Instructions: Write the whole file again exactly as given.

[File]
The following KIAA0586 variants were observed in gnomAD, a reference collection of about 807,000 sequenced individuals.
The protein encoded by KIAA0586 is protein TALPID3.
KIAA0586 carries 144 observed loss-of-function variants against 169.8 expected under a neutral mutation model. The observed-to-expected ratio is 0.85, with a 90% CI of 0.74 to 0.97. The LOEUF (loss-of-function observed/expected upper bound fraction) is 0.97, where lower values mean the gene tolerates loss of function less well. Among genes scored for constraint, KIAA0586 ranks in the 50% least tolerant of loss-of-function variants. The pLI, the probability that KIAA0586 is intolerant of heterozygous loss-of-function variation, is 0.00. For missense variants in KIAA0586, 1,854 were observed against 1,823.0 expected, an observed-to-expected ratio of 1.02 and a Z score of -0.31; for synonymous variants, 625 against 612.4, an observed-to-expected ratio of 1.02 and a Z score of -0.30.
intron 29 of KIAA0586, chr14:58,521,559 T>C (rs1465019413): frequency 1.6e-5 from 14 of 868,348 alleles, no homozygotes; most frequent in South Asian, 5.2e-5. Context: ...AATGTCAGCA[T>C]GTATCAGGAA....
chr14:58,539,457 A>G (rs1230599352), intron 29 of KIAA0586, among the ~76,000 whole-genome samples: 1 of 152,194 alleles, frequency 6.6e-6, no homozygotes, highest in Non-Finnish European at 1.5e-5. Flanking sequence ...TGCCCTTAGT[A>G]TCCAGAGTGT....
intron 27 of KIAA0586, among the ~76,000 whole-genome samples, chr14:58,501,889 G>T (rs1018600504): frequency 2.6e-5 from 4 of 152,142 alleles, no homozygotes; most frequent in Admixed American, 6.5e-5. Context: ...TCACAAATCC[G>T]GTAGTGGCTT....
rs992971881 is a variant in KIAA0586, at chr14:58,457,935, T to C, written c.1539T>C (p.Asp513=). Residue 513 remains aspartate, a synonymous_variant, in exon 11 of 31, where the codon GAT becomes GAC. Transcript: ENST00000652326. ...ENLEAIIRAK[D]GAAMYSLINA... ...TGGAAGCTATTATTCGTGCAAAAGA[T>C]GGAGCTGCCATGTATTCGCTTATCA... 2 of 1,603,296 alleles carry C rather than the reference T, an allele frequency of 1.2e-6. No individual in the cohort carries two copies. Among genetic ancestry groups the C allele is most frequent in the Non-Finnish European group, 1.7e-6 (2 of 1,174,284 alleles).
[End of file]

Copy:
The following KIAA0586 variants were observed in gnomAD, a reference collection of about 807,000 sequenced individuals.
The protein encoded by KIAA0586 is protein TALPID3.
KIAA0586 carries 144 observed loss-of-function variants against 169.8 expected under a neutral mutation model. The observed-to-expected ratio is 0.85, with a 90% CI of 0.74 to 0.97. The LOEUF (loss-of-function observed/expected upper bound fraction) is 0.97, where lower values mean the gene tolerates loss of function less well. Among genes scored for constraint, KIAA0586 ranks in the 50% least tolerant of loss-of-function variants. The pLI, the probability that KIAA0586 is intolerant of heterozygous loss-of-function variation, is 0.00. For missense variants in KIAA0586, 1,854 were observed against 1,823.0 expected, an observed-to-expected ratio of 1.02 and a Z score of -0.31; for synonymous variants, 625 against 612.4, an observed-to-expected ratio of 1.02 and a Z score of -0.30.
intron 29 of KIAA0586, chr14:58,521,559 T>C (rs1465019413): frequency 1.6e-5 from 14 of 868,348 alleles, no homozygotes; most frequent in South Asian, 5.2e-5. Context: ...AATGTCAGCA[T>C]GTATCAGGAA....
chr14:58,539,457 A>G (rs1230599352), intron 29 of KIAA0586, among the ~76,000 whole-genome samples: 1 of 152,194 alleles, frequency 6.6e-6, no homozygotes, highest in Non-Finnish European at 1.5e-5. Flanking sequence ...TGCCCTTAGT[A>G]TCCAGAGTGT....
intron 27 of KIAA0586, among the ~76,000 whole-genome samples, chr14:58,501,889 G>T (rs1018600504): frequency 2.6e-5 from 4 of 152,142 alleles, no homozygotes; most frequent in Admixed American, 6.5e-5. Context: ...TCACAAATCC[G>T]GTAGTGGCTT....
rs992971881 is a variant in KIAA0586, at chr14:58,457,935, T to C, written c.1539T>C (p.Asp513=). Residue 513 remains aspartate, a synonymous_variant, in exon 11 of 31, where the codon GAT becomes GAC. Transcript: ENST00000652326. ...ENLEAIIRAK[D]GAAMYSLINA... ...TGGAAGCTATTATTCGTGCAAAAGA[T>C]GGAGCTGCCATGTATTCGCTTATCA... 2 of 1,603,296 alleles carry C rather than the reference T, an allele frequency of 1.2e-6. No individual in the cohort carries two copies. Among genetic ancestry groups the C allele is most frequent in the Non-Finnish European group, 1.7e-6 (2 of 1,174,284 alleles).